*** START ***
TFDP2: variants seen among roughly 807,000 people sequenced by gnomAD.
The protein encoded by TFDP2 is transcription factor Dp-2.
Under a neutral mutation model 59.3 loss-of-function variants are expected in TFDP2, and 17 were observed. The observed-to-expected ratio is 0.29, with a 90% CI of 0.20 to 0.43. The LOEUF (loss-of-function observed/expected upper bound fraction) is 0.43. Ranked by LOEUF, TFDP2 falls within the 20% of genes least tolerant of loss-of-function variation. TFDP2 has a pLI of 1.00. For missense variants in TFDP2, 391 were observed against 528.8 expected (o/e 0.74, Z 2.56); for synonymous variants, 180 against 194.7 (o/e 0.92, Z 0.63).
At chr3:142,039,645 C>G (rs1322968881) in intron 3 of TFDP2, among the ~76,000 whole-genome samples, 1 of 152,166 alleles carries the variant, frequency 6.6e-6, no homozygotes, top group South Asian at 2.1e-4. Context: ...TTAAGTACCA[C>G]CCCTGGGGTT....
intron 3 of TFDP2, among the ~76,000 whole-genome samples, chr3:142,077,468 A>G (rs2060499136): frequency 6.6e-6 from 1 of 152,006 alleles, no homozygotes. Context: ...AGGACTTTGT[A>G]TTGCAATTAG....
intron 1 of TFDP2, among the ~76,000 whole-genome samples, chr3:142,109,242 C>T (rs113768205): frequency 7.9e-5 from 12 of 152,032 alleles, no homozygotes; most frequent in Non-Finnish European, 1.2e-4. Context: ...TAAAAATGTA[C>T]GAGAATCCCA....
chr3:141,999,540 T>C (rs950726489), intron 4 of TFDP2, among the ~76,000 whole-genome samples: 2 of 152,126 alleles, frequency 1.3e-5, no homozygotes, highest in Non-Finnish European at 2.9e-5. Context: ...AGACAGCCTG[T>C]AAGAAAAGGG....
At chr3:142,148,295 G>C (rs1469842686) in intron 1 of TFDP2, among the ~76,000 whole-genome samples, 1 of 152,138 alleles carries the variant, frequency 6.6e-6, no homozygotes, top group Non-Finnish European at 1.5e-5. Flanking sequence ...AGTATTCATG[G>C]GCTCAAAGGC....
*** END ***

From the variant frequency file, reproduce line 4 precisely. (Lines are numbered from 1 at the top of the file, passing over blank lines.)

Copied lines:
At chr3:142,039,645 C>G (rs1322968881) in intron 3 of TFDP2, among the ~76,000 whole-genome samples, 1 of 152,166 alleles carries the variant, frequency 6.6e-6, no homozygotes, top group South Asian at 2.1e-4. Context: ...TTAAGTACCA[C>G]CCCTGGGGTT....